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Why small businesses need to move away from Gmail and Outlook

Canadian consumers rate email as the primary way they keep in contact with the businesses they frequent. A recent study found that 68% of consumers use email to reach businesses, definitely trumping the telephone, mail and even social media methods, with less than 10% using each method. Unfortunately for many small Canadian businesses, they aren’t leveraging this data and don’t have current email marketing campaigns. As well, a full 61% of small businesses using email to stay in touch are using mailbox providers like Gmail and Outlook and not an email marketing provider.

People are spending large amounts of time in their email inbox. The majority (84%) of people check email at least twice a day and more than 1/3rd check it six or more times a day. Two-thirds of people are also very likely to sign up for email marketing correspondence for the following reasons:

  • Receive discounts and special offers
  • Take part in special promotions
  • Stay informed on an ongoing basis

Small businesses that don’t have email marketing campaigns or ones that are managed by something other than a free email provider are missing out some great customer engagement opportunities.

What’s wrong with Gmail and Outlook?

While both of these email providers provide a great service to the ordinary email user, these email services just don’t have the functionality that small businesses need to run email marketing campaigns.

Can’t comply

First, they don’t have a way to maintain Canada’s Anti-Spam Legislation (CASL) compliance. Under this legislation, the sending of electronic messages without the recipient’s consent is prohibited. If a marketer is caught sending out un-solicited messages, they can be subject to penalties and statutory damages. In Canada, Rogers Media Inc., Porter Airlines and PlentyofFish have all had to pay for damages for sending unwarranted emails under CASL. If those large corporations have trouble staying within anti-spam legislation, think about the problems your small business could face. Features like permission tracking, CASL-compliant email list signup forms and the unsubscribe functionality, just aren’t available with Gmail and Outlook.

No data

Next, they aren’t able to give you metrics on what people are doing with your emails. You won’t know who is opening your emails, clicking your links, buying your products and services after reading your emails, or who is subscribing and unsubscribing. These metrics are very important in figuring out if your email marketing campaigns are actually working or if they are getting on the bad side of your customer. Because you don’t have the numbers behind your emails, you also can’t optimize your  techniques like segmenting your customer base and personalizing your messages.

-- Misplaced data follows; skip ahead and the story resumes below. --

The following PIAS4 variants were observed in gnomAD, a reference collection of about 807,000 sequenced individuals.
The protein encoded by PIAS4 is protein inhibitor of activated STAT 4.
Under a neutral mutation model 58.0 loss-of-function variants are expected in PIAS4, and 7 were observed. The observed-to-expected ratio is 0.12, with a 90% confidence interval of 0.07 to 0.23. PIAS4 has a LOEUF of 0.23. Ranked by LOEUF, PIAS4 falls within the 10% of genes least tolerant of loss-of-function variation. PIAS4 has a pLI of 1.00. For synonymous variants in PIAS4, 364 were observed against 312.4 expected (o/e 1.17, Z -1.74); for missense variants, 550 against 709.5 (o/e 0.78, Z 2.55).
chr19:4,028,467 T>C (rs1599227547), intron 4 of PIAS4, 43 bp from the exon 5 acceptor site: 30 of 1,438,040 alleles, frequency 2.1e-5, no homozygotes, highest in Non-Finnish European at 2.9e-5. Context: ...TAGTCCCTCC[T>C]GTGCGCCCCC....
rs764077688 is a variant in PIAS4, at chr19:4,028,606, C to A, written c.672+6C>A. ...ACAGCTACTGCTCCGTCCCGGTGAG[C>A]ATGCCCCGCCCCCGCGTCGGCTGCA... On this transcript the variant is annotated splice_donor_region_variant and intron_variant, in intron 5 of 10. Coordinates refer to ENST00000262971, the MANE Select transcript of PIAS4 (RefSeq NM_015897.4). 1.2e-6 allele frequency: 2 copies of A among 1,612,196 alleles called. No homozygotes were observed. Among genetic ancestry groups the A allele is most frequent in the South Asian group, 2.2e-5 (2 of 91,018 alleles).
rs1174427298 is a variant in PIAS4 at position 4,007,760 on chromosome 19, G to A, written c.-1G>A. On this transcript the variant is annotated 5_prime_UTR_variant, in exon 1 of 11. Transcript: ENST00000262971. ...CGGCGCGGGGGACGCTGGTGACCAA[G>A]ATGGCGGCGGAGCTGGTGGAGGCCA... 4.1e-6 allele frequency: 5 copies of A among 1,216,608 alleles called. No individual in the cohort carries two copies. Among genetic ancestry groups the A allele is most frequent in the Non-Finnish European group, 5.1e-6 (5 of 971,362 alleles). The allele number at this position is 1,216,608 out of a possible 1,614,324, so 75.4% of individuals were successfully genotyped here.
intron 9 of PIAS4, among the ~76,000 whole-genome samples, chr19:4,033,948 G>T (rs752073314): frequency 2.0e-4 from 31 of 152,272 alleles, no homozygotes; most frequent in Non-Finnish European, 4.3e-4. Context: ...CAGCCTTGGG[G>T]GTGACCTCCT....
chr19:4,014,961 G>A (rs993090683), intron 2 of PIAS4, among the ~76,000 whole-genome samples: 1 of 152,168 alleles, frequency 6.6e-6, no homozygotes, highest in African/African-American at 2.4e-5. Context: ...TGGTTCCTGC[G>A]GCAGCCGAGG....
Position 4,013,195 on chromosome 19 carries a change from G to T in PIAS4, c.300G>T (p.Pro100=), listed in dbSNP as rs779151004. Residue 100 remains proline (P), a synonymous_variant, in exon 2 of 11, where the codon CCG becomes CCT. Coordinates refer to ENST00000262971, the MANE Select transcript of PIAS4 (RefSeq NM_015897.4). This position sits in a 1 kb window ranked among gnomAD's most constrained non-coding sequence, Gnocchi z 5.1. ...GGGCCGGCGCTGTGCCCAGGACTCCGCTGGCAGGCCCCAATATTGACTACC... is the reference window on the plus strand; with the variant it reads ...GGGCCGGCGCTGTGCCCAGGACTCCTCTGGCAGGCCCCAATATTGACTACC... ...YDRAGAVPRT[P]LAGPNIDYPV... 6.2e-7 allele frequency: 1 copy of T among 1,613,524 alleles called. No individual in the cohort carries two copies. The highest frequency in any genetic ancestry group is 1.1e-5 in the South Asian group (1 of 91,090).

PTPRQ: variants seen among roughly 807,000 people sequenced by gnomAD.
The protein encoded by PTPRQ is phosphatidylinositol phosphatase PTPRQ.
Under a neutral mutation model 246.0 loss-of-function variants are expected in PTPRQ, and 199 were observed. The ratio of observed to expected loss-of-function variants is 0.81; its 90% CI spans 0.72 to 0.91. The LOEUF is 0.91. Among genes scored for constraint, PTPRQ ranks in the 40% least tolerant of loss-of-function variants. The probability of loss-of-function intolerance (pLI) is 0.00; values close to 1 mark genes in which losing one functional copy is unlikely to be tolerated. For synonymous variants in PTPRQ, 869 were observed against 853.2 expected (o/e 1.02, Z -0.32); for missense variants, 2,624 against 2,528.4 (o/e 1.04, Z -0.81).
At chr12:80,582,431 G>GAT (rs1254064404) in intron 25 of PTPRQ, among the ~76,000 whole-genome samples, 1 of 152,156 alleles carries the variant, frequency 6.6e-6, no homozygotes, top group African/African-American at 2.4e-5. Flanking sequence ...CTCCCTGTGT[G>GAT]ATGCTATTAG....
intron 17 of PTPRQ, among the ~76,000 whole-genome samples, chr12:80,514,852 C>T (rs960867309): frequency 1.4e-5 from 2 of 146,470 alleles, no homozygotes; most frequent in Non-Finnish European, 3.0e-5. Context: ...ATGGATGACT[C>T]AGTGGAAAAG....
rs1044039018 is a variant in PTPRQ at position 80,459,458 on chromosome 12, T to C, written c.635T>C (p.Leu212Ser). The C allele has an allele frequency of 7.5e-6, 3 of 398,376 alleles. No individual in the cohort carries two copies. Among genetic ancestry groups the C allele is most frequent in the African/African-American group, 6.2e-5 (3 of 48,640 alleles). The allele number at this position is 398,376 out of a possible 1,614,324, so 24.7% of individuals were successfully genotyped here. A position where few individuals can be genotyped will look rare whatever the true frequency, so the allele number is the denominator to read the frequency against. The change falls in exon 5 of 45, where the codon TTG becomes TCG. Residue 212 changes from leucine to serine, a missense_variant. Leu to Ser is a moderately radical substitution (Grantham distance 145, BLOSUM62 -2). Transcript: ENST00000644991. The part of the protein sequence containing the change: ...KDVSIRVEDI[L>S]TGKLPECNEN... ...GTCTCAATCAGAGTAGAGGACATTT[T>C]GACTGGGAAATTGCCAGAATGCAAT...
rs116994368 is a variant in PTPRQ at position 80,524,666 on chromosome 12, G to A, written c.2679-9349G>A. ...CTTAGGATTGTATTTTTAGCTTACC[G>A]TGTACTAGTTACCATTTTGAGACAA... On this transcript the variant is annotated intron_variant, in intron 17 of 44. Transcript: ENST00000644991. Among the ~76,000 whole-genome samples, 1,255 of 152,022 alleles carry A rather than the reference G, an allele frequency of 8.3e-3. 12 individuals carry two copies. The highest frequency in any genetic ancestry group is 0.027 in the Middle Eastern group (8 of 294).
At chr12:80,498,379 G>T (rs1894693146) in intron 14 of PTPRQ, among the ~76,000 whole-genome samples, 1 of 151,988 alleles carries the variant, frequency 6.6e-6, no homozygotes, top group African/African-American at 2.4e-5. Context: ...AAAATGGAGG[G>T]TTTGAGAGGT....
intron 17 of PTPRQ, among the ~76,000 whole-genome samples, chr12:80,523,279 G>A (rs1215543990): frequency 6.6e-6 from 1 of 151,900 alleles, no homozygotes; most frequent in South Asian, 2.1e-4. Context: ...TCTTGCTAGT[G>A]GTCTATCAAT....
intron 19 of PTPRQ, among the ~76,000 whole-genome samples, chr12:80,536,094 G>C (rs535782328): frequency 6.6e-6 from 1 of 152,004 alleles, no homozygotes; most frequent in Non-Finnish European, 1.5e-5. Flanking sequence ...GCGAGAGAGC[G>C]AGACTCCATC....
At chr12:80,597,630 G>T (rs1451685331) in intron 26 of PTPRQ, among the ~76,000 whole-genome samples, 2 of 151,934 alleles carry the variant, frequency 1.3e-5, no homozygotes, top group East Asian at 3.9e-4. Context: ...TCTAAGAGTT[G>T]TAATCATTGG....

Looks bad

While using a free service for emails to keep in touch with your customers seems cost-effective, it is also undermining your brand. Customers are nine times as likely to choose a business with a domain-based email address over a free domain. Having business emails with free provider information in it dates your business, makes you seem less reputable and less professional. Your emails may also be mistaken as spam, which is a disastrous mistake in the email marketing world. If your emails aren’t even reaching your customers or being disregarded as spam, they won’t get opened and you won’t reap the benefits from your marketing campaign.

Can’t connect

In terms of your incoming mail, Gmail and Outlook are also not worthy of small businesses. With aggressive spam filtering, you could be missing out on important messages from your customers. You’ll have to go in and check your spam folder regularly, which just adds to your workload as a small business and basically un-spam the emails that aren’t. The problem with this is that you may only get one email per customer, so it wastes your time having to do this.

Small businesses need to take a step back and evaluate their current email marketing practices. Using Gmail and Outlook is fine for the average person, but just doesn’t give small businesses the functionality they need to grow.

About Victor Green

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